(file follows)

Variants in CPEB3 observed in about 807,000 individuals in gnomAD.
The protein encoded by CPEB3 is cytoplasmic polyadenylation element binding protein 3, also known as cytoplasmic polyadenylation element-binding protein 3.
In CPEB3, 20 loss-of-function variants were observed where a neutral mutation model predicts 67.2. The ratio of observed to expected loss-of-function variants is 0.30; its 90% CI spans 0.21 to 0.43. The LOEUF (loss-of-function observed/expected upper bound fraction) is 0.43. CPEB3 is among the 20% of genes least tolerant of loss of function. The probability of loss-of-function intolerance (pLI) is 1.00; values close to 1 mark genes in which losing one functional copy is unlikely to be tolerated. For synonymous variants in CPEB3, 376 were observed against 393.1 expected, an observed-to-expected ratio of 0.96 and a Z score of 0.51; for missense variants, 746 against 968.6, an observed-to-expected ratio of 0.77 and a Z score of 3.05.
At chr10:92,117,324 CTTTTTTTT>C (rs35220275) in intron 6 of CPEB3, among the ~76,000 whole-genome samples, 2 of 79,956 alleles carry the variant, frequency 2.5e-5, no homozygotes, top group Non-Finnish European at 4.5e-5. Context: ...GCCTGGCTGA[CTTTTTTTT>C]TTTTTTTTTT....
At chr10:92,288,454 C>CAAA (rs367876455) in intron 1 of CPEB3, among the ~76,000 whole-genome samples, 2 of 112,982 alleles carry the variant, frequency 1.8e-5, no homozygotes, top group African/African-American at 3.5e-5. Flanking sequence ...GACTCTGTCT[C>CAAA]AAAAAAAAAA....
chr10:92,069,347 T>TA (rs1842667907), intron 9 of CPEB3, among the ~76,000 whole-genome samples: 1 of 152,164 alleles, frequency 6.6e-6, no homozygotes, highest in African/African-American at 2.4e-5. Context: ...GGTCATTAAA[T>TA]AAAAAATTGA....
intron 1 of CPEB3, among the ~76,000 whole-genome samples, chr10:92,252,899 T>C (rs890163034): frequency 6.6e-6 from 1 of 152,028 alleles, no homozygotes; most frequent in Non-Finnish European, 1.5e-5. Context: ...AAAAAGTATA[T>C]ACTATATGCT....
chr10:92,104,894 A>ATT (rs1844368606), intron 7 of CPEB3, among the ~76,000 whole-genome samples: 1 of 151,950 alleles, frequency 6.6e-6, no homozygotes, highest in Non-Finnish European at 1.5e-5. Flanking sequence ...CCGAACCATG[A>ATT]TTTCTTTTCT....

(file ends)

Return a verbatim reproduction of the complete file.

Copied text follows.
Variants in CPEB3 observed in about 807,000 individuals in gnomAD.
The protein encoded by CPEB3 is cytoplasmic polyadenylation element binding protein 3, also known as cytoplasmic polyadenylation element-binding protein 3.
In CPEB3, 20 loss-of-function variants were observed where a neutral mutation model predicts 67.2. The ratio of observed to expected loss-of-function variants is 0.30; its 90% CI spans 0.21 to 0.43. The LOEUF (loss-of-function observed/expected upper bound fraction) is 0.43. CPEB3 is among the 20% of genes least tolerant of loss of function. The probability of loss-of-function intolerance (pLI) is 1.00; values close to 1 mark genes in which losing one functional copy is unlikely to be tolerated. For synonymous variants in CPEB3, 376 were observed against 393.1 expected, an observed-to-expected ratio of 0.96 and a Z score of 0.51; for missense variants, 746 against 968.6, an observed-to-expected ratio of 0.77 and a Z score of 3.05.
At chr10:92,117,324 CTTTTTTTT>C (rs35220275) in intron 6 of CPEB3, among the ~76,000 whole-genome samples, 2 of 79,956 alleles carry the variant, frequency 2.5e-5, no homozygotes, top group Non-Finnish European at 4.5e-5. Context: ...GCCTGGCTGA[CTTTTTTTT>C]TTTTTTTTTT....
At chr10:92,288,454 C>CAAA (rs367876455) in intron 1 of CPEB3, among the ~76,000 whole-genome samples, 2 of 112,982 alleles carry the variant, frequency 1.8e-5, no homozygotes, top group African/African-American at 3.5e-5. Flanking sequence ...GACTCTGTCT[C>CAAA]AAAAAAAAAA....
chr10:92,069,347 T>TA (rs1842667907), intron 9 of CPEB3, among the ~76,000 whole-genome samples: 1 of 152,164 alleles, frequency 6.6e-6, no homozygotes, highest in African/African-American at 2.4e-5. Context: ...GGTCATTAAA[T>TA]AAAAAATTGA....
intron 1 of CPEB3, among the ~76,000 whole-genome samples, chr10:92,252,899 T>C (rs890163034): frequency 6.6e-6 from 1 of 152,028 alleles, no homozygotes; most frequent in Non-Finnish European, 1.5e-5. Context: ...AAAAAGTATA[T>C]ACTATATGCT....
chr10:92,104,894 A>ATT (rs1844368606), intron 7 of CPEB3, among the ~76,000 whole-genome samples: 1 of 151,950 alleles, frequency 6.6e-6, no homozygotes, highest in Non-Finnish European at 1.5e-5. Flanking sequence ...CCGAACCATG[A>ATT]TTTCTTTTCT....